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Business owners oppose New York’s $13.20 minimum wage: Why some economists say it should be $26?

Minimum wage is going up in New York. The state Department of Labor announced Monday that it would move forward with plans to continue increasing minimum wage despite massive shortfalls in the workforce. But that’s a far cry from the $26 an hour some economists are calling for.

The next change takes effect on December 31, 2021 where minimum wage will increase to $13.20 in most places that are not New York City.

“Companies, particularly those that employ low-wage workers, are already raising wages and in some cases offering incentives to that is showing no sign of abating, and it makes sense to raise the wage floor now and continue supporting New York’s families while providing a predictable path forward for businesses,” Labor Commissioner Roberta Reardon said. “With today’s action we are continuing the work of building back with equity and justice.”

The increase is based on economic factors and indices, according to state labor officials.

What does minimum wage hike mean for New York businesses?

“Many of us are already there,” one business owner speaking on condition of anonymity told after the announcement. “I’d need to pay four or five dollars more than that to fill all of the open positions in my business – and I cannot afford it.”

Economists say a number of factors have impacted economic recovery since the start of the pandemic.

“It’s hard doing business in this state,” Reginald Belligana explained. “This doesn’t hurt as much as some of the other things happening, but for those businesses that operate on a thin margin, it’s a problem.” Belligana spoke to recently about the liquor store he operates near the Pennsylvania border. “We pay people over minimum wage. That’s just our standard,” he added. “But if minimum wage reaches $15 that won’t be possible.”

Why increase minimum wage if businesses suffered during the coronavirus pandemic?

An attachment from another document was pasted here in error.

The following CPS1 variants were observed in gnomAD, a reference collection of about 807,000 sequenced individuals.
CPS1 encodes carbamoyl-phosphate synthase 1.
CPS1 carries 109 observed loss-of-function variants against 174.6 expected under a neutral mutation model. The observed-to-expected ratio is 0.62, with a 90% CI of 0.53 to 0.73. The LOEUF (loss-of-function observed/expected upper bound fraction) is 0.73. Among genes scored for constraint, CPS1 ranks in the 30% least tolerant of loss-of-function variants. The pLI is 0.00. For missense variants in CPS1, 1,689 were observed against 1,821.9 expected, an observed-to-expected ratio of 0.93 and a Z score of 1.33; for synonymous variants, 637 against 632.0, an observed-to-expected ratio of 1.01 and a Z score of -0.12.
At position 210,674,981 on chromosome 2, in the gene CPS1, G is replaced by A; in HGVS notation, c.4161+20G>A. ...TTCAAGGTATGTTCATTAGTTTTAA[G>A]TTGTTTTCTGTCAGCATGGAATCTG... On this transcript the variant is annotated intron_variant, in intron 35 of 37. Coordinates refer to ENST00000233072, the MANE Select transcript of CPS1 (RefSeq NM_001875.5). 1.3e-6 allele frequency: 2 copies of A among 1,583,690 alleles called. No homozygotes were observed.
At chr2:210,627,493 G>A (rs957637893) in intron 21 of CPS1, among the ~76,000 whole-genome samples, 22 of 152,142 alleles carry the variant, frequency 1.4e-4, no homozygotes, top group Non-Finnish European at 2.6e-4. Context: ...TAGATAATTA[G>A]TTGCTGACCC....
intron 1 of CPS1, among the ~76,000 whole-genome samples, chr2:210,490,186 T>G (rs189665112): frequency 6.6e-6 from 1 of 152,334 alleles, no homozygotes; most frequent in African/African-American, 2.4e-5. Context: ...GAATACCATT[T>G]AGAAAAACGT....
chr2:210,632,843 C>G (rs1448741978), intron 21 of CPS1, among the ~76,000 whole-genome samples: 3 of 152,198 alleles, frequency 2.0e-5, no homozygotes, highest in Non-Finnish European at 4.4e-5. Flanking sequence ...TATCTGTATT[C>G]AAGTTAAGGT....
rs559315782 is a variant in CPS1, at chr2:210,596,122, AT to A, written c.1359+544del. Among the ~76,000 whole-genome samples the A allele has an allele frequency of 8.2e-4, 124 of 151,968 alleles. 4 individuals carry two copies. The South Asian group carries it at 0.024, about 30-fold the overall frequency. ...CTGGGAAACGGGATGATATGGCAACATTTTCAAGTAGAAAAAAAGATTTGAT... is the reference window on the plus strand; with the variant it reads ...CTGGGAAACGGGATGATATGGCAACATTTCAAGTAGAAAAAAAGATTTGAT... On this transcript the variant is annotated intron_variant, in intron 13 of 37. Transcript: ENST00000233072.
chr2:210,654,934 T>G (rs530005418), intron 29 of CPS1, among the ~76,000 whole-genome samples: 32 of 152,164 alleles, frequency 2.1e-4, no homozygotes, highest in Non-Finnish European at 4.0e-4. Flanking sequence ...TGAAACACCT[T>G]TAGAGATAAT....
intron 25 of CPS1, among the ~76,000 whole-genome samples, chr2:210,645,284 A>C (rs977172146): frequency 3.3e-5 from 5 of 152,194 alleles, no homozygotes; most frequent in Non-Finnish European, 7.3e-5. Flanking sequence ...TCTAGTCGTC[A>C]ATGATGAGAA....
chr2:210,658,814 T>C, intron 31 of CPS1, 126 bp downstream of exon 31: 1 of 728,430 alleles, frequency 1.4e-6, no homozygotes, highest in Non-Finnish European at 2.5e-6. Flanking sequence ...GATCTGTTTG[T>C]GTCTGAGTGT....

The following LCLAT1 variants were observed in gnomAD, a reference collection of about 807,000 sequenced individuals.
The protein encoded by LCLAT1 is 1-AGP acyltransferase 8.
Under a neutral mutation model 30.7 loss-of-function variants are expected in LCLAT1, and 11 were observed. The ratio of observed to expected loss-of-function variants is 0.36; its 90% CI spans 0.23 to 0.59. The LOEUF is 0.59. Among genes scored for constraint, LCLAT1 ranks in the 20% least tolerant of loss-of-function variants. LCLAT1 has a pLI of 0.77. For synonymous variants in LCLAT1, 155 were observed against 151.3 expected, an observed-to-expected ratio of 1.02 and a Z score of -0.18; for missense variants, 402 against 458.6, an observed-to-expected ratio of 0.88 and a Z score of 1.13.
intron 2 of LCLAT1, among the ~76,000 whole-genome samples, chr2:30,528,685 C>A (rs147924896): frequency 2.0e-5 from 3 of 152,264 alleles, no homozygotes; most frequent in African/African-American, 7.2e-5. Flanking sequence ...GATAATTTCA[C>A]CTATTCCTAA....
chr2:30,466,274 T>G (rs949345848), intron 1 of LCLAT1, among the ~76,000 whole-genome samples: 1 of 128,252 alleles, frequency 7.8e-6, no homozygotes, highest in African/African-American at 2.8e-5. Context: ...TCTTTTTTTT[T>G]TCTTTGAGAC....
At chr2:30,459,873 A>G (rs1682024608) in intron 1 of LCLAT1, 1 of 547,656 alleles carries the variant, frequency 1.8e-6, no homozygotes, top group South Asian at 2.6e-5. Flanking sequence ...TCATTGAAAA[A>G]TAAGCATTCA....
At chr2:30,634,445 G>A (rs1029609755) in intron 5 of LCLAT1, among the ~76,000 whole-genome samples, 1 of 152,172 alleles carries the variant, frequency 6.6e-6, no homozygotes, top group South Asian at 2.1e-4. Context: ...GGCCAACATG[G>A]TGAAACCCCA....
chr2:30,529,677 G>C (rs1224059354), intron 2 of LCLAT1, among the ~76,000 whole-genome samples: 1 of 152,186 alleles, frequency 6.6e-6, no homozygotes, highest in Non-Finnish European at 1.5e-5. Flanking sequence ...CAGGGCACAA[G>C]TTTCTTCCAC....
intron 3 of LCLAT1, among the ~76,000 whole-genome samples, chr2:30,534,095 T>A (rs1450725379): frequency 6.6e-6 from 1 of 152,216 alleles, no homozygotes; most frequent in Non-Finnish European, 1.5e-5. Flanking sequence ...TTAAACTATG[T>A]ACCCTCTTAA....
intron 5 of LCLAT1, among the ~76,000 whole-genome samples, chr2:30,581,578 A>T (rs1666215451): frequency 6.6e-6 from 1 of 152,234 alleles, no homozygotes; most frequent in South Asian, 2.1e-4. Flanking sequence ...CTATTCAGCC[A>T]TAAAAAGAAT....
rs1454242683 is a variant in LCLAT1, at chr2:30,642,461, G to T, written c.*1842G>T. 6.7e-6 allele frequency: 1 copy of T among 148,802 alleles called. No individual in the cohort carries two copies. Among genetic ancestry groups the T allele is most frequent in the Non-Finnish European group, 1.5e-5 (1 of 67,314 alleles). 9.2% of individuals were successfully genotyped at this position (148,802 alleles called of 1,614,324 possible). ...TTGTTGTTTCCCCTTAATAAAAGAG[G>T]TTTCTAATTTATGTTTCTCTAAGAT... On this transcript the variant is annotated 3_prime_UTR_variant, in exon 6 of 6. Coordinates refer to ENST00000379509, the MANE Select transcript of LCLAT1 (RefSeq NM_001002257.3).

A report from the Division of Budget’s Minimum Wage said that 57.2% of private sector losses were in retail, healthcare, leisure, and hospitality. Additional results from that same report found that the pandemic caused some workers to reevaluate their labor value.

As for Belligana, he says it doesn’t make sense that the state continues increasing minimum wage when it knows its businesses are struggling. “They know where the losses have been,” he added to “They don’t seem to care though. Just continuing to add on expense and cost. Passing it on isn’t an option in a lot of communities, so it’ll mean fewer businesses and places to employ people.”

Should minimum wage be $26 an hour? There’s an argument for it.

A recent study found that if minimum wage had kept pace with the gains in the economy’s productivity over the last half-century it would be nearly $26 an hour. That’s around $50,000 in annual income.

Dean Baker, senior economist with the Center for Economic and Policy Research recently said that it shows how far the economy has come over the years. “That may sound pretty crazy, but that’s roughly what the minimum wage would be today if it had kept pace with productivity growth since its value peaked in 1968,” he wrote.

The study found that productivity had increased steadily throughout the decades, but wages actually fell when inflation was considered. Overall cost of living has skyrocketed over the last several decades in the U.S. prompting many to call for a ‘living wage’ boost. While many are advocating for $15 an hour at the federal level – significantly higher wages are needed to ‘live’ in many cities and states.

But it’s not as simple as boosting low wages. “The problem is that we have made many changes to the economy that shifted huge amounts of income upward, so that we cannot support a pay structure that gives workers at the bottom $52,000 a year,” Baker added.

If minimum wage suddenly jumped to $26 an hour – there would be major undesirable outcomes.